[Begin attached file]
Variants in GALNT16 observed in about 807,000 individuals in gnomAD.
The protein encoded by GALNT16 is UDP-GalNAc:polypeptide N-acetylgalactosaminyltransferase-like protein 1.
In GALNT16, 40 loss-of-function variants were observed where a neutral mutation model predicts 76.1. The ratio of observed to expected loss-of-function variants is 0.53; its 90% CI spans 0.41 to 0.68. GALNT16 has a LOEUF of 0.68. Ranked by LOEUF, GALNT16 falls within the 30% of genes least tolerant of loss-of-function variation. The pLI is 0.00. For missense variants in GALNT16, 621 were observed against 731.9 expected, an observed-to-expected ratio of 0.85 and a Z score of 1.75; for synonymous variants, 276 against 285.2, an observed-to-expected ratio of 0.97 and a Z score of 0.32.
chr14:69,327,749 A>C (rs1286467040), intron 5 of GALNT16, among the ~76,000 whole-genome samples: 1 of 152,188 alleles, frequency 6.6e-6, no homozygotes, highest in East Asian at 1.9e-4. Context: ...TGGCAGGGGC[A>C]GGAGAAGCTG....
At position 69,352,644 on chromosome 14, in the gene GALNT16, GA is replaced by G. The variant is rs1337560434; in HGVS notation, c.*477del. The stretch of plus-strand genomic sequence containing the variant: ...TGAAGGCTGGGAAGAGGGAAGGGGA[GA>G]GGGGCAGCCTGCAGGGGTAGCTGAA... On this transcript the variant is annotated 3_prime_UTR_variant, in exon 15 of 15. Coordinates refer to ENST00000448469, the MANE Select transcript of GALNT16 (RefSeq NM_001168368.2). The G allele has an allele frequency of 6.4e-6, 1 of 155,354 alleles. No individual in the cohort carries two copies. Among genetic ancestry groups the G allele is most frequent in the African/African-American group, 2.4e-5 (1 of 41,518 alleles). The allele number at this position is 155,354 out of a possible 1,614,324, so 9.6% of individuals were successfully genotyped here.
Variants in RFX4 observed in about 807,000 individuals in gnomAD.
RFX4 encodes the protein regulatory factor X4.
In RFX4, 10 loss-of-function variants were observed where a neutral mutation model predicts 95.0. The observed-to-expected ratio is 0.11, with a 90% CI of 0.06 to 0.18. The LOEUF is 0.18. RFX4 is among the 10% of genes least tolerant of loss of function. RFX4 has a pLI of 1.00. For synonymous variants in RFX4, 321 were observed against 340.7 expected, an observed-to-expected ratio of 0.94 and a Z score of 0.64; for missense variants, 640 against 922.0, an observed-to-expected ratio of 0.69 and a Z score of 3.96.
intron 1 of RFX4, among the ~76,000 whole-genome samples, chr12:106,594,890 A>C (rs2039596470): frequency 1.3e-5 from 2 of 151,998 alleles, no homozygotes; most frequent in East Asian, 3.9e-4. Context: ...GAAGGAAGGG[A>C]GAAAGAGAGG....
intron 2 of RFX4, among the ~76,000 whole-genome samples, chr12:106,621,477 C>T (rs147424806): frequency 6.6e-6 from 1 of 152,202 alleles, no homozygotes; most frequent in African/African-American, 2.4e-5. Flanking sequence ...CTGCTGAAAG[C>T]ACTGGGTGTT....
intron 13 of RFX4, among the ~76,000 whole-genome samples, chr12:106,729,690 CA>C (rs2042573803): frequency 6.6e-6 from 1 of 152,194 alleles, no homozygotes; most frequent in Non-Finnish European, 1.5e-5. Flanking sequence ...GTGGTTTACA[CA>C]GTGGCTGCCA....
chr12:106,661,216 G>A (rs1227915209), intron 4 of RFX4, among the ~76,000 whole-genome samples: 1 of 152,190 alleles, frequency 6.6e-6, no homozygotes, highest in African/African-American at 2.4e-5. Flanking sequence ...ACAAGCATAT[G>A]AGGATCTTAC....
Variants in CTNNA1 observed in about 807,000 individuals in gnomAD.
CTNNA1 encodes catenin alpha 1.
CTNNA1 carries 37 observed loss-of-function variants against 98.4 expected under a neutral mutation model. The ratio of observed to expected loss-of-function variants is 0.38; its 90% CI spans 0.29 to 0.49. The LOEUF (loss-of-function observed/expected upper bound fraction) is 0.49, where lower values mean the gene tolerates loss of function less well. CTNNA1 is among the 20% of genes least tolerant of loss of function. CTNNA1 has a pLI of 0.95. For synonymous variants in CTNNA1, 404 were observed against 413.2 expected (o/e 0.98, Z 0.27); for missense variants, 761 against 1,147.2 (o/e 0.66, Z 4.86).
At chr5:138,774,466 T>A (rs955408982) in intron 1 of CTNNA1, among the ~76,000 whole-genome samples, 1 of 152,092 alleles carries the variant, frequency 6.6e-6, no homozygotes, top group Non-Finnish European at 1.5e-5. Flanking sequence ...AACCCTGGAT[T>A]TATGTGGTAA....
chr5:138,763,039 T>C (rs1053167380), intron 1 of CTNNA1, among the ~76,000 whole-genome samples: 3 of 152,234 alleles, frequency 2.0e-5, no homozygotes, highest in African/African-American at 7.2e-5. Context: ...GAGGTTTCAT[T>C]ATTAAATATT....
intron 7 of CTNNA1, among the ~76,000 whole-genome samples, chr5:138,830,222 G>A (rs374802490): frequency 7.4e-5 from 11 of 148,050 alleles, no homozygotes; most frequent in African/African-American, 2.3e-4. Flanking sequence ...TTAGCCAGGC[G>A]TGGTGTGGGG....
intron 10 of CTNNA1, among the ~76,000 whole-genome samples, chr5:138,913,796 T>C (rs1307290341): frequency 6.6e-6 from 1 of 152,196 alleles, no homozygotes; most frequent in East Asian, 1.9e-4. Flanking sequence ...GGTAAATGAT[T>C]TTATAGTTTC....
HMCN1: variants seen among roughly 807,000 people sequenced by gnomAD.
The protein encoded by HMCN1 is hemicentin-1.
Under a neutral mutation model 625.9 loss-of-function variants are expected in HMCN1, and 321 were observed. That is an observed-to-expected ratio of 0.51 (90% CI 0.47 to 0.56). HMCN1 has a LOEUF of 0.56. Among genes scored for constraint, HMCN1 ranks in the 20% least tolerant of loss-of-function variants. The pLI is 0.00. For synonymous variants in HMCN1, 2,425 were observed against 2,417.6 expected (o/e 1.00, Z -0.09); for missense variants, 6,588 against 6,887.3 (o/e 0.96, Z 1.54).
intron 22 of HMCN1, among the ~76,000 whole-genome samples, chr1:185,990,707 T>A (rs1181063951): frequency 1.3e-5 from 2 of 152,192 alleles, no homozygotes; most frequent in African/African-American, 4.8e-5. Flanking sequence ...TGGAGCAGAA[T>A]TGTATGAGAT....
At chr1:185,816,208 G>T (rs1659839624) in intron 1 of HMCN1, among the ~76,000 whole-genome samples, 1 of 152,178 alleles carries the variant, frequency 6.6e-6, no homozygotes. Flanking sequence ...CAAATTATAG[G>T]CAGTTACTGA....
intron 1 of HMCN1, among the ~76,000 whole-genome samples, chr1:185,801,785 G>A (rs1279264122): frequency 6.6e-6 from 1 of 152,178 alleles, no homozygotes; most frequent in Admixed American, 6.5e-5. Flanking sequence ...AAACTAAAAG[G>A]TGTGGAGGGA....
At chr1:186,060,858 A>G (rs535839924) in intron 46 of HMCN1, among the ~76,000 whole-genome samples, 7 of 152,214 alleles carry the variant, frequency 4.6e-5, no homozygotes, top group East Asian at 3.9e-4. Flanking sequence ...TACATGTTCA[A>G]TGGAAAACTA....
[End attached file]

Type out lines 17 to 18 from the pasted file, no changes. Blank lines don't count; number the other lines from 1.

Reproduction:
chr5:138,763,039 T>C (rs1053167380), intron 1 of CTNNA1, among the ~76,000 whole-genome samples: 3 of 152,234 alleles, frequency 2.0e-5, no homozygotes, highest in African/African-American at 7.2e-5. Context: ...GAGGTTTCAT[T>C]ATTAAATATT....
intron 7 of CTNNA1, among the ~76,000 whole-genome samples, chr5:138,830,222 G>A (rs374802490): frequency 7.4e-5 from 11 of 148,050 alleles, no homozygotes; most frequent in African/African-American, 2.3e-4. Flanking sequence ...TTAGCCAGGC[G>A]TGGTGTGGGG....